Why blue for sadness? When I was writing another blogpost (about a flowery summer dress) I discovered that only after WWII pink became associated with girls and blue with boys. Before that it was the reverse. Read what was printed in an American women’s magazine, the Ladies’ Home Journal, in 1918:

“There has been a great diversity of debate on the subject, but the generally accepted rule is pink for the boys, and blue for the girls. The reason is that pink, being a more decided and stronger colour, is more suitable for the boy, while blue, which is more delicate and dainty, is prettier for the girl.”

Might this be a reason why Picasso painted in blue when he felt valuable and started painting in pink and red when he was feeling stronger and more alive again? I am by no means an expert on art, but that doesn’t mean I can have my own humble thoughts about it.

Try out something new

“Go and do the things you can’t. That is how you get to do them.”
Pablo Picasso

Having your own thoughts and following them was something Picasso did all his life. He was not afraid to try out new techniques or even different art forms, like sculpting. He also regularly moved to a different place. Change did him good, helped him progress.

Feeling warm and welcome in the café Parisien at the Beyeler Museum in Basel.

I am not claiming we should all be masters in our fields like Picasso was in his. What I do promote is change though; small changes. I strongly believe that stepping out of your comfort zone does you good. It will spice up your life, broaden your horizon and make you progress!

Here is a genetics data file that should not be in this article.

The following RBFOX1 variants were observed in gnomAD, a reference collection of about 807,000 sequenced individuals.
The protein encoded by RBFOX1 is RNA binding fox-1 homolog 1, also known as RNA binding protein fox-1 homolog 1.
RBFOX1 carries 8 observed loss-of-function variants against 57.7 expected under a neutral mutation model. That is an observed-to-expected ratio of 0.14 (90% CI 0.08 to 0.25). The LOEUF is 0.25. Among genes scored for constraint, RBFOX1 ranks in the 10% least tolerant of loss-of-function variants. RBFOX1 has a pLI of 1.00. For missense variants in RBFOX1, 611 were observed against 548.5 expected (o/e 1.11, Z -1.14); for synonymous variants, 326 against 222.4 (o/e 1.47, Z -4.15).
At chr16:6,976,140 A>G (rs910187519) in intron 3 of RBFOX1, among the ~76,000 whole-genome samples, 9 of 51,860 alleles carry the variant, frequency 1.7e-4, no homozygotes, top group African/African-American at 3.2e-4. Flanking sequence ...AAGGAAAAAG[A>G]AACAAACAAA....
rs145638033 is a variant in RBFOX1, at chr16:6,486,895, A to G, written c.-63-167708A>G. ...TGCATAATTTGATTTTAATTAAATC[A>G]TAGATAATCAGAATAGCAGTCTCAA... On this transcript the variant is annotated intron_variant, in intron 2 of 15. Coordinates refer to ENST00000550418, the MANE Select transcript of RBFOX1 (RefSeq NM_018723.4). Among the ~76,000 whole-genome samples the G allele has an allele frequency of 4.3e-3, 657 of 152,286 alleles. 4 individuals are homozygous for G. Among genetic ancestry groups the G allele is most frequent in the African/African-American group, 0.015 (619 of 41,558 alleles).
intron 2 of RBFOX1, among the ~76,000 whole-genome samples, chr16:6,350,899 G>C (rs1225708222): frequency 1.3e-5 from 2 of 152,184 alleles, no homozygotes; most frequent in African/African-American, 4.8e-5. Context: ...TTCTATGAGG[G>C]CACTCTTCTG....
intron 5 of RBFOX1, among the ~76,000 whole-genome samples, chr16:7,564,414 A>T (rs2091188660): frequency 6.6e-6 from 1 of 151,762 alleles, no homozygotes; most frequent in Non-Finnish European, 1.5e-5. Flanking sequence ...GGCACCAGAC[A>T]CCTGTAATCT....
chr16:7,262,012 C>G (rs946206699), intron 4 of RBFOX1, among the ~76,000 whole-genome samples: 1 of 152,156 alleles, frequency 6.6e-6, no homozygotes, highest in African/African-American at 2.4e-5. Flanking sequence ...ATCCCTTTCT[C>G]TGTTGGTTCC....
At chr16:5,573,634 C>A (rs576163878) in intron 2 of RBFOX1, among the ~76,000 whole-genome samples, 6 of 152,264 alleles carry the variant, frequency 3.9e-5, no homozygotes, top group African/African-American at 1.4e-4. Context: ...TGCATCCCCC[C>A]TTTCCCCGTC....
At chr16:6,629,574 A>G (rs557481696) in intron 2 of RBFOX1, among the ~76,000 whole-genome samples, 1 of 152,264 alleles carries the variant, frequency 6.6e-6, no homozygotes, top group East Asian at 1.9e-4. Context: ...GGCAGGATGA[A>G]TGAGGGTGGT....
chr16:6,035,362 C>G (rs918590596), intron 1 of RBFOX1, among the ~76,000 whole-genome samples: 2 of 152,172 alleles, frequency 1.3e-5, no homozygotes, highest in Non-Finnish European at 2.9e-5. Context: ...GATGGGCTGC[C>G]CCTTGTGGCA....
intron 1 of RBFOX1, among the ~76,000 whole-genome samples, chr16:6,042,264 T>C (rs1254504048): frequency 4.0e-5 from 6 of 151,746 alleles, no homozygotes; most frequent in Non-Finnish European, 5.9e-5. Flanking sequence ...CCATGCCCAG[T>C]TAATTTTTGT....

Stepping out of my comfort zone

“What one does is what counts and not what one had the intention of doing.”
Pablo Picasso

More photos of my dress here, of the bag here and of the jeans jacket here and here.

It’s easier said than done, stepping out of your comfort zone.

Starting this blog was a huge step out of my comfort zone. It is so very different from teaching youngsters a foreign language. And having this idea of inspiring others through a blog is not the same as actual doing it. It took me 2 years of building up the courage to start  blogging. It is often pretty personal, you should come up with fresh ideas regularly and you expose yourself and your ideas to a big, unknown world. Scary stuff!

Well, after nearly 100 blogposts (incredible, right?) I can tell you this:

My blogging has lead to an improvement of my writing skills, a better understanding of my passions in life, a better knowledge of many different subjects (such as art, communication, holiday destinations, use of language and myself), a more creative view in general and a better knowledge of what I like fashion-wise and why.